Riemannian geometry learning for disease progression modelling

Maxime Louis 1, 2 Raphael Couronne 1 Igor Koval 1, 2 Benjamin Charlier 3, 2 Stanley Durrleman 1, 2
1 ARAMIS - Algorithms, models and methods for images and signals of the human brain
SU - Sorbonne Université, Inria de Paris, ICM - Institut du Cerveau et de la Moëlle Epinière = Brain and Spine Institute
Abstract : The analysis of longitudinal trajectories is a longstanding problem in medical imaging which is often tackled in the context of Riemannian geometry: the set of observations is assumed to lie on an a priori known Riemannian manifold. When dealing with high-dimensional or complex data, it is in general not possible to design a Riemannian geometry of relevance. In this paper, we perform Riemannian manifold learning in association with the statistical task of longitudinal trajectory analysis. After inference, we obtain both a submanifold of observations and a Riemannian metric so that the observed progressions are geodesics. This is achieved using a deep generative network, which maps trajectories in a low-dimensional Euclidean space to the observation space.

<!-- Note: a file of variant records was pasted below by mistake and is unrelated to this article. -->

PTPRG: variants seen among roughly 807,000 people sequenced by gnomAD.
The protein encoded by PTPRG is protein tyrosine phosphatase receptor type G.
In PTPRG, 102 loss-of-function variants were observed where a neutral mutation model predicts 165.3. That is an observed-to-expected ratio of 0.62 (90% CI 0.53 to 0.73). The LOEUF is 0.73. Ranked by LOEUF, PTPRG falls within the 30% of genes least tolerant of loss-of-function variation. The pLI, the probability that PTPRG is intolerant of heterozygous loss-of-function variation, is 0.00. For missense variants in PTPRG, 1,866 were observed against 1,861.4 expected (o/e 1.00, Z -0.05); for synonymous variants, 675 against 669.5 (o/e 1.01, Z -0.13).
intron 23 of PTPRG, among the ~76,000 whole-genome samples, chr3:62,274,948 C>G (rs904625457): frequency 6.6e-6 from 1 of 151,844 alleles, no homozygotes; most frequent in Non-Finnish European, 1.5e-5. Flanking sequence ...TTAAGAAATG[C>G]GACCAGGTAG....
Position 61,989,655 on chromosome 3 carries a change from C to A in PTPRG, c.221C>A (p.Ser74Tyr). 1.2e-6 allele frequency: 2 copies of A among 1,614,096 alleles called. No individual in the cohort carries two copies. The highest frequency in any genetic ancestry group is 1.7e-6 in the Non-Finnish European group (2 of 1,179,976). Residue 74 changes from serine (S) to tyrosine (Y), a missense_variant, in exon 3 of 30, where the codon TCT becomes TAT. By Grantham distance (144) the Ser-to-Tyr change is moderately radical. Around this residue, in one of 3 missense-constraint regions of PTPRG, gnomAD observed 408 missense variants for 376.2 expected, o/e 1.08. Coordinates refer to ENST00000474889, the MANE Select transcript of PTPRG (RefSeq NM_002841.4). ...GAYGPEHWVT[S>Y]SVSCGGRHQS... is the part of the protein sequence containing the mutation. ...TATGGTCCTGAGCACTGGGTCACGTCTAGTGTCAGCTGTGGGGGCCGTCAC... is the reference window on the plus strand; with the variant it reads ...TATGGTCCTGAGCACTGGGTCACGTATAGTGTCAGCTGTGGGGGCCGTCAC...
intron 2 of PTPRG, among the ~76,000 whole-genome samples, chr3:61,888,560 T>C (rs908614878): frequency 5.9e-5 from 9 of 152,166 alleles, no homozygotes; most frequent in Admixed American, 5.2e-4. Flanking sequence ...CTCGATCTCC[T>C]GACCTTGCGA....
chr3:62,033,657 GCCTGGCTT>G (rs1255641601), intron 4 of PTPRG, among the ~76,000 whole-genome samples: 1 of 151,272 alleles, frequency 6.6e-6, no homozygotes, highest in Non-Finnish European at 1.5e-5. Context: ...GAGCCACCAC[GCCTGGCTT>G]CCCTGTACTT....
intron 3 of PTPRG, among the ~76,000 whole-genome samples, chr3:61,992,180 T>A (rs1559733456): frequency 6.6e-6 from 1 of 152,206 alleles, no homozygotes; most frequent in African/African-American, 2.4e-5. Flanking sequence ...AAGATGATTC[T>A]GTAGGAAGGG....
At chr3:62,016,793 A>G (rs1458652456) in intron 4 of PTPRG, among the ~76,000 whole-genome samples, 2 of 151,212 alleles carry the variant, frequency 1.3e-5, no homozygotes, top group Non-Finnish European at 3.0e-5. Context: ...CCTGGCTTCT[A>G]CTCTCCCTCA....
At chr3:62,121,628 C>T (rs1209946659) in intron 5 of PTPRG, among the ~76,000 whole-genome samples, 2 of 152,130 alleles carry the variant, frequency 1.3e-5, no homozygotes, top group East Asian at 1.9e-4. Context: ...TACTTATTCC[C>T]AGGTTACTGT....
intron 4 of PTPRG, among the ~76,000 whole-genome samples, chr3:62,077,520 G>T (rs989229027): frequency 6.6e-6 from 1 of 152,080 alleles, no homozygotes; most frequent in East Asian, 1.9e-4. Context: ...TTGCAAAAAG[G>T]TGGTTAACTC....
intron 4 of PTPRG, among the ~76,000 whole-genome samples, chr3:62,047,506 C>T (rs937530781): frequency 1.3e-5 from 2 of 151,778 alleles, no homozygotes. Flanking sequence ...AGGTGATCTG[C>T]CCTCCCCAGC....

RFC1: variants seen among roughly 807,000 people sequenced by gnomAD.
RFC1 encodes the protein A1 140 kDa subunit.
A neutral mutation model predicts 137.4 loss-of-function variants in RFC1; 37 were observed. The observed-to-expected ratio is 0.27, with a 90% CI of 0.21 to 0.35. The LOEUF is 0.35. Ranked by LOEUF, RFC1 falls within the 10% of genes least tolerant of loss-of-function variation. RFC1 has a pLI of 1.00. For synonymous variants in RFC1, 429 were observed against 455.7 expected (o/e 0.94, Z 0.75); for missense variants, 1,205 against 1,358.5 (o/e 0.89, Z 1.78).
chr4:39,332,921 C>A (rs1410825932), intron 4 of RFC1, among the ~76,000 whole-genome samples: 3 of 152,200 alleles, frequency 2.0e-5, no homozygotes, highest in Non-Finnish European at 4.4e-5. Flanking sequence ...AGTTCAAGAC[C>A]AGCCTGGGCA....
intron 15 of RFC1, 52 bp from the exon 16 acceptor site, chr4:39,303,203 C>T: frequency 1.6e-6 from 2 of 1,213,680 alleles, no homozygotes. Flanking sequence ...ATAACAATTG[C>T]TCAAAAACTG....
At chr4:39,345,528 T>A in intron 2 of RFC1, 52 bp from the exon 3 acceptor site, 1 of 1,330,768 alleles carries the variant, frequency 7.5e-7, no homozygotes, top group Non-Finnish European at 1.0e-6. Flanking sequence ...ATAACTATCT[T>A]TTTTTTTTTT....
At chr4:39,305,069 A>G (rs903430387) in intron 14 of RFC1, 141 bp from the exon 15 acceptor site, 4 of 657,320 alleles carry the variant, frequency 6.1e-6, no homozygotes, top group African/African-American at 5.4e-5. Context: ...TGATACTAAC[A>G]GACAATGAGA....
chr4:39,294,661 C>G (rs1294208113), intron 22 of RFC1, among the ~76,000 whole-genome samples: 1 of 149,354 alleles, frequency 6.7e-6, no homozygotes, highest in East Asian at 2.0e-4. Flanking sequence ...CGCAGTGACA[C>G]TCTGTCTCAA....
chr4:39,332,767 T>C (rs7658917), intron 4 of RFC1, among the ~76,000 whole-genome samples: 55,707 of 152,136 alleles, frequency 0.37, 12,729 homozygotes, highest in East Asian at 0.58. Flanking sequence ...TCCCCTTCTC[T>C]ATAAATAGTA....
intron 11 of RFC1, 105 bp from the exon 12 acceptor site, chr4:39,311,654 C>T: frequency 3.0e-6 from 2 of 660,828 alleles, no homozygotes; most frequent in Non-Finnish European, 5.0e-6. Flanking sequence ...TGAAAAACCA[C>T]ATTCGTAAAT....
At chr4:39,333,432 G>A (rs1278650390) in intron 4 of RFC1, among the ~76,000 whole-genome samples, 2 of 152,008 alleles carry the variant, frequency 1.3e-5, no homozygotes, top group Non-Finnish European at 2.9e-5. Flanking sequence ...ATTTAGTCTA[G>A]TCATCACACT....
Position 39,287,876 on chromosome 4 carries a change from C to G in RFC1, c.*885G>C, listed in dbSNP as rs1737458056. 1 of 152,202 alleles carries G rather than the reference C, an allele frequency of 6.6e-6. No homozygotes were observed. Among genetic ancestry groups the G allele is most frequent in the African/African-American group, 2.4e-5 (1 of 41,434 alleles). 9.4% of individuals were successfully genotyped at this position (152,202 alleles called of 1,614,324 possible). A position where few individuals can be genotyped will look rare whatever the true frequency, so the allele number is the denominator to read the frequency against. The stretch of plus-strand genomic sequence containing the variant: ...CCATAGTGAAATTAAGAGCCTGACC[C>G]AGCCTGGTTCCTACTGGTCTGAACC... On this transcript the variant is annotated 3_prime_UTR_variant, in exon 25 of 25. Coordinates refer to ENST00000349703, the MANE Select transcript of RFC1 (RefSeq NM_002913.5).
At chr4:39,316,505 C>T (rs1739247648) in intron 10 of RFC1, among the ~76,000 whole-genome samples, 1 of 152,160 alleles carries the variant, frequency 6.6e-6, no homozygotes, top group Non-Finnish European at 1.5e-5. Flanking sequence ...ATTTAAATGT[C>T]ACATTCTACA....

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  • HAL Id : hal-02079820, version 2

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Maxime Louis, Raphael Couronne, Igor Koval, Benjamin Charlier, Stanley Durrleman. Riemannian geometry learning for disease progression modelling. 2019. ⟨hal-02079820v2⟩

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